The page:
EU commissioner Margrethe Vestager defends her Apple tax findings
MEPs from across political divide support tax ruling against Ireland
Margrethe Vestager, the competition commissioner “We have a robust decision and we will defend it in court.” Photograph: Reuters
EU competition commissioner Margrethe Vestager has launched a staunch defence of her finding that Ireland granted billions of euro in illegal state aid to Apple, as MEPs overwhelmingly endorsed the European Commission’s adverse ruling against the State.
Addressing the European Parliament in Strasbourg during a scheduled debate on the landmark Apple ruling, Ms Vestager said Apple had paid only 0.005 per cent tax in 2014, representing €50 of every €1 million in profit made in Ireland.
“If taxes are not being paid by some, then they have to be paid by others, and that is why it is not fair competition when some member states hand out selective tax benefits.”
She said it was the responsibility of member states to ensure their national tax legislation is compliant with EU state aid rules, noting that the EU treaties invested the competition arm with the power to investigate breaches of state-aid law, whether in the form of cash, land or taxation. “We have a robust decision and we will defend it in court,” she said.
Once the full decision is published, tax authorities in other member states could assess if they were liable to reclaim unpaid taxes under national tax rules, she added.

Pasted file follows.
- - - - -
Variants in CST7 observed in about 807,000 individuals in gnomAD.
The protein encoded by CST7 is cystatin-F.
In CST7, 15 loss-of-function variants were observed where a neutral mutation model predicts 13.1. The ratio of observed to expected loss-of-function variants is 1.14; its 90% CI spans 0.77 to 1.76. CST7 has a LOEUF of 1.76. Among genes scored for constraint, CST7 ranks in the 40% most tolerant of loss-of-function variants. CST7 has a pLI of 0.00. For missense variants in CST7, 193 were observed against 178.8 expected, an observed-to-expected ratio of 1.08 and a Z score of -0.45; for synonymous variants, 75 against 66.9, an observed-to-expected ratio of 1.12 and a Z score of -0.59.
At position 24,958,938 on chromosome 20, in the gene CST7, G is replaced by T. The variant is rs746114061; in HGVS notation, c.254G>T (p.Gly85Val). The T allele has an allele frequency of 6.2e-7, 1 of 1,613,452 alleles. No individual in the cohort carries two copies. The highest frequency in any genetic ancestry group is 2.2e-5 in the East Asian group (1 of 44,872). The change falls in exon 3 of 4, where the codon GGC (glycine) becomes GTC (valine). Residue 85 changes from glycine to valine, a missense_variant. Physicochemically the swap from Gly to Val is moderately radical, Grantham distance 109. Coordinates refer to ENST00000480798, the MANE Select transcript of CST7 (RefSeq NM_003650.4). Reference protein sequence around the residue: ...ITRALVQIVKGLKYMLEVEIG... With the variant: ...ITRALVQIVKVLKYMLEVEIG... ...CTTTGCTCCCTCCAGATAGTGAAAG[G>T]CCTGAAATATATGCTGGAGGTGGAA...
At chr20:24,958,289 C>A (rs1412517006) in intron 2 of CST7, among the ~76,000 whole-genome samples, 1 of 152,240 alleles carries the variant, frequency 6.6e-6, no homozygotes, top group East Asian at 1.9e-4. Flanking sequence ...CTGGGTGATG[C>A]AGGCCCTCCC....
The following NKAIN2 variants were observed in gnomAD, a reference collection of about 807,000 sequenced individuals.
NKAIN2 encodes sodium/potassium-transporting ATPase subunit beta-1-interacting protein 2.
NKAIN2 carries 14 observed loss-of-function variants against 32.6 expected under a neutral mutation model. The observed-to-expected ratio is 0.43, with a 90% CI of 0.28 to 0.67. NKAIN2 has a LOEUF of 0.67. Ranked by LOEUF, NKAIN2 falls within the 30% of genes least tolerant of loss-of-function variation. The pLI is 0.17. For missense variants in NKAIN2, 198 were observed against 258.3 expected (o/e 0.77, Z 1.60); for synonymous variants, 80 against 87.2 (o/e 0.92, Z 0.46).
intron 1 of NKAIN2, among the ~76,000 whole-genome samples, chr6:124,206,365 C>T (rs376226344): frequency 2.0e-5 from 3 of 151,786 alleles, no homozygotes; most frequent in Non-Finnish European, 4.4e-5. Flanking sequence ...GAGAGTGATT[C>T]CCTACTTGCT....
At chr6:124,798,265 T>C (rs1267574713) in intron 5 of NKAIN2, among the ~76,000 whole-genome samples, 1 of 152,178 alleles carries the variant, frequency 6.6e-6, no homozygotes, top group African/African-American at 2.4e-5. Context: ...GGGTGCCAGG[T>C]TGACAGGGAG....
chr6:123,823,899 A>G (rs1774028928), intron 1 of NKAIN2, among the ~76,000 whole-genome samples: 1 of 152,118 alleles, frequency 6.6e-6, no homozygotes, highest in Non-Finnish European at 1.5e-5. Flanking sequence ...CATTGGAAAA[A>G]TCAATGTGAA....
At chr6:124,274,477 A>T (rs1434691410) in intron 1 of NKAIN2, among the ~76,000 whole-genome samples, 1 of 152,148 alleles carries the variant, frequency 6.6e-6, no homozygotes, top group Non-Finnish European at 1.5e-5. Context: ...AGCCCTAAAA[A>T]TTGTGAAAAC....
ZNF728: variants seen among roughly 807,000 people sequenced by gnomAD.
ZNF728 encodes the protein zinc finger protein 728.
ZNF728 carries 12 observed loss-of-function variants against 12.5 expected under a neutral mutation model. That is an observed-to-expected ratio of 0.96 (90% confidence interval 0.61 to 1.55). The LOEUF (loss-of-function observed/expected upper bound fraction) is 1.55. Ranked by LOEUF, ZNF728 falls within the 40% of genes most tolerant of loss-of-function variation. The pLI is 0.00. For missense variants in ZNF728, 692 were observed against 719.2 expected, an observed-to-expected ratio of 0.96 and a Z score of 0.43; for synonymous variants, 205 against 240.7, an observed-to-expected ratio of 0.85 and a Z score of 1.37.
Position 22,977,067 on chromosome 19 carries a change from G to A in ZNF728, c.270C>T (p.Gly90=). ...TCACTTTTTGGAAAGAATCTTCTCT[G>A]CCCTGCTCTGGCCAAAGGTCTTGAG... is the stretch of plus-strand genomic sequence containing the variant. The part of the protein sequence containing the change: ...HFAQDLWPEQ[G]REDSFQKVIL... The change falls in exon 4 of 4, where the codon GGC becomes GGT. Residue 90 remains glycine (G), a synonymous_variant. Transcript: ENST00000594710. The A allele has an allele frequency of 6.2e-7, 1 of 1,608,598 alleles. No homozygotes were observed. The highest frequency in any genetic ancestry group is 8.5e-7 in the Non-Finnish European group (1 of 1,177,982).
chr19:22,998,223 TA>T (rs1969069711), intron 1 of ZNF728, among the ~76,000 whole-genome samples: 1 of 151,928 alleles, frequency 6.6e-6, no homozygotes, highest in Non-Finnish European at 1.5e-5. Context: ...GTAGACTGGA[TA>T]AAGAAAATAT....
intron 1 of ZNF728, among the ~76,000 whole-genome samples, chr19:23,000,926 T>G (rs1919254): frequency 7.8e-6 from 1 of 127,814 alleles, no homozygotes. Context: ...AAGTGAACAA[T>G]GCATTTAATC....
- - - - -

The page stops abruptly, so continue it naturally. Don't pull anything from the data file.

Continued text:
“Looking ahead, it is the goal that all companies, big or small, pay taxes where they generate their profits.,” she said.
MEPs from across the political divide voiced support for the European Commissioner’s finding against Ireland, with a number of MEPs complimenting the Danish commissioner on her “courage” and “bravery.”
Fine Gael’s Seán Kelly and Brian Hayes were among the few MEPs to question the commission’s decision, while Sinn Féin’s Matt Carthy criticised Fine Gael and Fianna Fáil’s decision to appeal the ruling.
Earlier, European Commission president Jean-Claude Juncker vowed to continue the clamp down on tax evasion.
“A fair playing field means that in Europe consumers are protected from cartels and abuses by powerful companies, and that every company, no matter how big or small, has to pay its taxes where it makes its profits,” he said in his annual “state of the union” speech to the European Parliament.
While his written speech, which was later released by the commission, referenced Ireland’s tax practices and the Apple case, Mr Juncker excluded any mention of either in his address to the chamber.
Separately, Ms Vestager confirmed to Bloomberg News yesterday that the commission is investigating allegations that Ikea benefited from at least €1 billion in illegal state aid, though she added the investigation was at a very early stage. Ms Vestager confirmed the commission had received documentation relating to an investigation into Ikea’s tax activities by the Green group in the European Parliament earlier this year .
“We have received the documentation that the Greens have made and we are going through it but we have nothing to comment as the case stands right now,” she said.